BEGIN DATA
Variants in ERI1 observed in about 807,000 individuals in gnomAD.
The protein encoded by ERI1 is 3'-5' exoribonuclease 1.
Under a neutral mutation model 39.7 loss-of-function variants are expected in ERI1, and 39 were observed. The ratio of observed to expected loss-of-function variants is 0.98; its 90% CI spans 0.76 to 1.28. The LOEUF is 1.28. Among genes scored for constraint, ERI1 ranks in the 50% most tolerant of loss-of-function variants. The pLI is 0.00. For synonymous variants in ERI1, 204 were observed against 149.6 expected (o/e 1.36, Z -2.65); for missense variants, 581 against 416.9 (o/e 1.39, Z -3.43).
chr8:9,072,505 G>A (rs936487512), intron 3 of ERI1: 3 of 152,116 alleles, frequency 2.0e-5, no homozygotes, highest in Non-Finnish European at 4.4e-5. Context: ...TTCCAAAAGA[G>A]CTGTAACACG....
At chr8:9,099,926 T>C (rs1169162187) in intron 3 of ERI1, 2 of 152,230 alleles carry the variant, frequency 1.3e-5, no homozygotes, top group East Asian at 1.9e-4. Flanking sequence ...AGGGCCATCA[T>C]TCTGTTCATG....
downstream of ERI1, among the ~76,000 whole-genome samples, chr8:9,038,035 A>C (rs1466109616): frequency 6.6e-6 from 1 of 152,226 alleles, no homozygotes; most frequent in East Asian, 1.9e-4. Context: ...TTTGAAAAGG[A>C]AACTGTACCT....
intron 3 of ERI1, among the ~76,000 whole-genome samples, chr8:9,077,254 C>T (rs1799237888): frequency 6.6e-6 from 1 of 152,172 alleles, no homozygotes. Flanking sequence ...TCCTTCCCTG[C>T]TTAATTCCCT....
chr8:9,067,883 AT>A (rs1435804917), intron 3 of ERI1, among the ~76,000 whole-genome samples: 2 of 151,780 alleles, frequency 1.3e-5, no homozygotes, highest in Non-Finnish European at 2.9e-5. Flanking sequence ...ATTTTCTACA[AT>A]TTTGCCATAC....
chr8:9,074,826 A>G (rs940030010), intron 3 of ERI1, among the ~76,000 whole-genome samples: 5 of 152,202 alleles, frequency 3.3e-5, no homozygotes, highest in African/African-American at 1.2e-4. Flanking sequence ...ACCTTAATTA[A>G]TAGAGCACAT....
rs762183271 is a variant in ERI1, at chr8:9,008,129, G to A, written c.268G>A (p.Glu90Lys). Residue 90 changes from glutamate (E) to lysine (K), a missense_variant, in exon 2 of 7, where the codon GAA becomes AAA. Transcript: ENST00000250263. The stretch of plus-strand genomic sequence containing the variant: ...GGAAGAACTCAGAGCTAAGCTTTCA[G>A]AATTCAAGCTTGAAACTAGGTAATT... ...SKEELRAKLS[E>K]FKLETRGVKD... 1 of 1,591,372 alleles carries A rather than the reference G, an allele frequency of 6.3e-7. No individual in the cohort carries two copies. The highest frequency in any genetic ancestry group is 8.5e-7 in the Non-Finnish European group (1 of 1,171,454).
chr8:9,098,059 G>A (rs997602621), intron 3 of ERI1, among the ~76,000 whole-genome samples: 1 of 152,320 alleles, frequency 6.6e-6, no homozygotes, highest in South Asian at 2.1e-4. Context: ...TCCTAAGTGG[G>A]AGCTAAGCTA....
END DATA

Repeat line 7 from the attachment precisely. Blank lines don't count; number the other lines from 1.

intron 3 of ERI1, among the ~76,000 whole-genome samples, chr8:9,077,254 C>T (rs1799237888): frequency 6.6e-6 from 1 of 152,172 alleles, no homozygotes. Flanking sequence ...TCCTTCCCTG[C>T]TTAATTCCCT....